This Fund for Quality reference guide supports the concept that a childcare center should encourage a child’s social, physical, intellectual, creative, cultural, and emotional development through play and learning in a healthy, stimulating, aesthetically pleasing environment. This guide was developed for child care providers or prospective providers in Philadelphia with information for the planning and design of high-quality early childhood spaces under the PHLpreK program.

The PHLpreK initiative making quality pre-K free and accessible for thousands of 3- and 4-year-olds will get support from a comprehensive evaluation to be conducted by the NIEER, made possible by a $1.8 million grant from the William Penn Foundation.

The Future of Children: Social and Emotional Learning

A special issue of the journal The Future of Children examines the development of social and emotional learning (SEL) in school and after-school settings, finding that these skills are essential for children and that teachers and staff need professional development to help children acquire them. See blog on teaching compassion and empathy.

K-3 teachers needed for national survey

The National Association for the Education of Young Children is inviting teachers working with children in kindergarten through third grade to participate in a survey that will guide a national advocacy project on behalf of K-3 teachers. All responses will be completely anonymous and confidential. The questionnaire is extensive, so be sure to set aside a generous amount of time. Survey.

Indispensable Policies & Practices for High-Quality Pre-K

This research review from New America synthesizes recent meta-analyses and other studies of pre-K programs and analyzes existing pre-K quality standards (see page 32) to arrive at a summary of policies and practices that are indispensable for high-quality teaching and learning in pre-K. The review focuses on six core themes: Curriculum, Instruction, & Assessment, Family Engagement, Funding, P–3 Alignment, Program Improvement and Workforce Support.

Considerations for Developing State Policy and Guidance on Inclusion of Children with Disabilities in Early Childhood Programs

The Early Childhood Technical Assistance Center recently released this resource to assist states developing policy/guidance to implement high-quality inclusive practices across early care and education programs. States should carefully examine current practices to determine what policy/guidance needs to be in place to improve the opportunities for high-quality inclusion across early care and education programs.

Summer Learning: High Quality Birth to Eight Learning Environments with High Attendance

Summer learning loss has accumulating consequences and can leave lower-income children up to three grade levels behind their higher-income peers by fifth grade. Summer learning programs can help children gain and retain math and reading skills, if they are high-quality and children attend regularly. This NC Early Childhood Foundation working paper offers policy, practice and program options to mitigate and minimize summer learning loss.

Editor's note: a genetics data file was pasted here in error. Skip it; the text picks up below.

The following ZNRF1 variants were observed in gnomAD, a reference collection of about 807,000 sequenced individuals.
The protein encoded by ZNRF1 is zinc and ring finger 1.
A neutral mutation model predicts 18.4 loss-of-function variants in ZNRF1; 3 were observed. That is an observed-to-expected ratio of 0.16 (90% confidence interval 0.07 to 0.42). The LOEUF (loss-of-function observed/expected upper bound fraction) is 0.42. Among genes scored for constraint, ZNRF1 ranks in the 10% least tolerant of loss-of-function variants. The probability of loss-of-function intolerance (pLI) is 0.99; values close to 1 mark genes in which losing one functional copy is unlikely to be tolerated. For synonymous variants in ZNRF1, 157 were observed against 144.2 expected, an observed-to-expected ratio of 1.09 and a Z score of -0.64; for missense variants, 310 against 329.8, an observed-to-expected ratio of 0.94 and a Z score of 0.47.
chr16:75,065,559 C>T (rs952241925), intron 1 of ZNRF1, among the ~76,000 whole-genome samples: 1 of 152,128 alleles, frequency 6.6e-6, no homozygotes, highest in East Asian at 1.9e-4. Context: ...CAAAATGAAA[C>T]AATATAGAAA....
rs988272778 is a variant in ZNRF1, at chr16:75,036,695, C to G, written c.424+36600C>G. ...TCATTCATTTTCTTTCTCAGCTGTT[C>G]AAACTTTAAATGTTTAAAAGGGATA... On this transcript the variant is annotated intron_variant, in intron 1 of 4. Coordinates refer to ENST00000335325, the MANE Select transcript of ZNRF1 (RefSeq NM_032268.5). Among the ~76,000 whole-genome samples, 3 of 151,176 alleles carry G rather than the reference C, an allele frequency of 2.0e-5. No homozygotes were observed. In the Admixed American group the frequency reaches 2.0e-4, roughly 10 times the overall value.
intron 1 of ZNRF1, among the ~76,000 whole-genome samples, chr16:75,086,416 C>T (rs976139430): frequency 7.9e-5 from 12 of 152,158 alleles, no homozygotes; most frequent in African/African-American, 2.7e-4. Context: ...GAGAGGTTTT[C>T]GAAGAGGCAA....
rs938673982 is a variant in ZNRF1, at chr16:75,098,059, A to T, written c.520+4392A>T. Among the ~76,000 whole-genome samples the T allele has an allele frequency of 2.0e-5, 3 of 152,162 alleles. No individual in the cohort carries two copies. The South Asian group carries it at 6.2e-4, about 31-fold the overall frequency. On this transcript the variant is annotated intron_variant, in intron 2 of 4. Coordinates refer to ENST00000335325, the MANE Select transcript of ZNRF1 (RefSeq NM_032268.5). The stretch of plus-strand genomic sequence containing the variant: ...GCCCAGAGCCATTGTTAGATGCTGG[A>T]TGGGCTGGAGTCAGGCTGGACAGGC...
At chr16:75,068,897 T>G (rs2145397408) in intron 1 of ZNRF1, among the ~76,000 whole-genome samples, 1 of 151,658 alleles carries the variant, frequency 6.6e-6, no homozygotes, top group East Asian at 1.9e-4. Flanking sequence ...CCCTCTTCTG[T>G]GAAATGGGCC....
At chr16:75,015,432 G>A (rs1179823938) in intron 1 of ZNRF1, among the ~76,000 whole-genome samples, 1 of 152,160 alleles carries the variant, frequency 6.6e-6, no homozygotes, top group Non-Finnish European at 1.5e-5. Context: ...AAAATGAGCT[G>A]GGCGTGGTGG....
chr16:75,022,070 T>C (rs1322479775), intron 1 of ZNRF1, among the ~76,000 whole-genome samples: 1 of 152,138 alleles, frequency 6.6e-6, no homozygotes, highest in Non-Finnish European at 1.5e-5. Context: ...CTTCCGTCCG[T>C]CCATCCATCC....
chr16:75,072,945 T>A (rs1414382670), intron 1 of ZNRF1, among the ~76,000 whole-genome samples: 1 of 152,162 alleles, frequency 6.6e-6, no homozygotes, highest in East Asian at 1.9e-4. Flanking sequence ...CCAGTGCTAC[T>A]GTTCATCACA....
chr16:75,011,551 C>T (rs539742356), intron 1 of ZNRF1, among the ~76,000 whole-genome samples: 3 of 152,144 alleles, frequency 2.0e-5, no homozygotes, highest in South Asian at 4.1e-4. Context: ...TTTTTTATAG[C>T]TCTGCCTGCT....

Attainment of 5-2-1-0 Obesity Recommendations in Preschool-aged Children 

Obesity prevention guidelines recommend children eat more than five 5 servings of fruits and vegetables, view less than two hours of screen time, participate in one hour of physical activity, and consume sugar-sweetened beverages daily.

This Cincinnati Children’s Hospital Medical Center study explored the extent to which preschool-aged children attending child care meet these guidelines. The study, published online in Preventive Medicine Reports, “suggests there is ample room for improvement in preschool-age children’s dietary intake, physical activity and screen time.”

Quality Early Education and Child Care from Birth to Kindergarten 

Children begin to learn to regulate their emotions, solve problems, express their feelings, and organize their experiences at an early age and then use those skills when they arrive at school. The American Academy of Pediatrics (AAP) has recognized the importance of early brain and child development by making it a strategic priority.


School Readiness Consulting

School Readiness Consulting (SRC), located in the Washington DC metro area, is looking for an Evaluation Associate to support research and data collection projects across its national Evaluation portfolio. Click here for details and application.

MA Dept of Early Education and Care

Director of Research and Preschool Expansion Grant Administration at the Massachusetts Department of Early Education and Care is recruiting a data specialist to support public policy. Click here for details on job number 170004F7.


Exploring Early Education Levers to Improve Population Health 

Sept. 14, 2017
8:30 a.m. ET
NYU Langone Medical Center (Alumni Hall B)
550 First Avenue, New York, NY and via webcast

The National Academies of Sciences Engineering Medicine’s Roundtable on Population Health Improvement will hold a free, public one-day workshop exploring intersection of health and early childhood care and education (ECE), a key factor that shapes health outcomes. Registration to attend this event in person or remotely is available here.

SAMHSA’s Center of Excellence for Infant and Early Childhood Mental Health Consultation


Part 1: Monday, Sept. 11, 2017, 2-3 pm ET
Part 2: Thursday, Oct. 5, 2017, 2-3 pm ET

The Center of Excellence invites you to register for Part 1 of a two-part series on Infant and Early Childhood Mental Health Consultation (IECMHC) Models. These 60-minute webinars will provide a sequential, deep dive into components of the Models Section of the IECMHC Toolbox. Register here for Part 1.

Early Education News Roundup 

ICYMI: Read this week’s key stories on early childhood education issues.